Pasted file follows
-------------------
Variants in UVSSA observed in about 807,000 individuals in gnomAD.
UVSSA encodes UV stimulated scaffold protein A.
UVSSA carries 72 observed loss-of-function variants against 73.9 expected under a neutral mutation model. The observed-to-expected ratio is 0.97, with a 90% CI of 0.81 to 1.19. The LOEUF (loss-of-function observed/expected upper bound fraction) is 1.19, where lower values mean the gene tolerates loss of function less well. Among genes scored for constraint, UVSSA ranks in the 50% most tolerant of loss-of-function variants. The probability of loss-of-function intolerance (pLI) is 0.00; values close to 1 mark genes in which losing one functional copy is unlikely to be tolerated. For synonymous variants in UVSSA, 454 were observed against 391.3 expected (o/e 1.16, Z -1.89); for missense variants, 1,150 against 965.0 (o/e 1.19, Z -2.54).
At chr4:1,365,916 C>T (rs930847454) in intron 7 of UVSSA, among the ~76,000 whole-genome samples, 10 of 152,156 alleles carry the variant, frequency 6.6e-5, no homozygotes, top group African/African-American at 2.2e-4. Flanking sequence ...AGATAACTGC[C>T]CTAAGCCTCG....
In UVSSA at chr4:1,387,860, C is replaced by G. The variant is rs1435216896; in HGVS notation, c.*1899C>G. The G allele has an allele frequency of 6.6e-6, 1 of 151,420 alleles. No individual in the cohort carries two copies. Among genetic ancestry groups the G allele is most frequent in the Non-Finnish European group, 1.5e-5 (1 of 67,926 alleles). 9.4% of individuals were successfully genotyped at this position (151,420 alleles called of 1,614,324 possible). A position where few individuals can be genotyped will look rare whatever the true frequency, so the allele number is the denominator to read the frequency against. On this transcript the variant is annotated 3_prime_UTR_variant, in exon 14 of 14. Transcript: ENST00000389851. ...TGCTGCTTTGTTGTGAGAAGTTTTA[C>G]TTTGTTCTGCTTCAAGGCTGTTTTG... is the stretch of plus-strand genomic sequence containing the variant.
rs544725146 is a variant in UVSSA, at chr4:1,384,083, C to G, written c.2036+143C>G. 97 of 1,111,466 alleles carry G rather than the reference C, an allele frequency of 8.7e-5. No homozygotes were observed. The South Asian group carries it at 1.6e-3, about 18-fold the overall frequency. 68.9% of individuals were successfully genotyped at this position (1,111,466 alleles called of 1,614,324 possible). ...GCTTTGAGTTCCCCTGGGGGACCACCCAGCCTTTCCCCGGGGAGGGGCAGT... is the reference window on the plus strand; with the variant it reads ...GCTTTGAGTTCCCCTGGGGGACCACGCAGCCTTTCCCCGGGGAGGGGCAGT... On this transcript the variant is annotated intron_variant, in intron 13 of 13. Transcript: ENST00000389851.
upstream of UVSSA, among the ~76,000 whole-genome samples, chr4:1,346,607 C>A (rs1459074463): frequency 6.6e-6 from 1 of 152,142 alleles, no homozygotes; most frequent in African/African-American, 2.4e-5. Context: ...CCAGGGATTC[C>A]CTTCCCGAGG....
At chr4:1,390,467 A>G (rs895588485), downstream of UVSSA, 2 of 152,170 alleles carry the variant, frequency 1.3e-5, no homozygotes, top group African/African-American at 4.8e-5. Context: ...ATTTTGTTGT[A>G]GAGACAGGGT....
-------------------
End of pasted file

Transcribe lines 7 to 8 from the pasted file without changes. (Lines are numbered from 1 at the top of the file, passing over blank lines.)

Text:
upstream of UVSSA, among the ~76,000 whole-genome samples, chr4:1,346,607 C>A (rs1459074463): frequency 6.6e-6 from 1 of 152,142 alleles, no homozygotes; most frequent in African/African-American, 2.4e-5. Context: ...CCAGGGATTC[C>A]CTTCCCGAGG....
At chr4:1,390,467 A>G (rs895588485), downstream of UVSSA, 2 of 152,170 alleles carry the variant, frequency 1.3e-5, no homozygotes, top group African/African-American at 4.8e-5. Context: ...ATTTTGTTGT[A>G]GAGACAGGGT....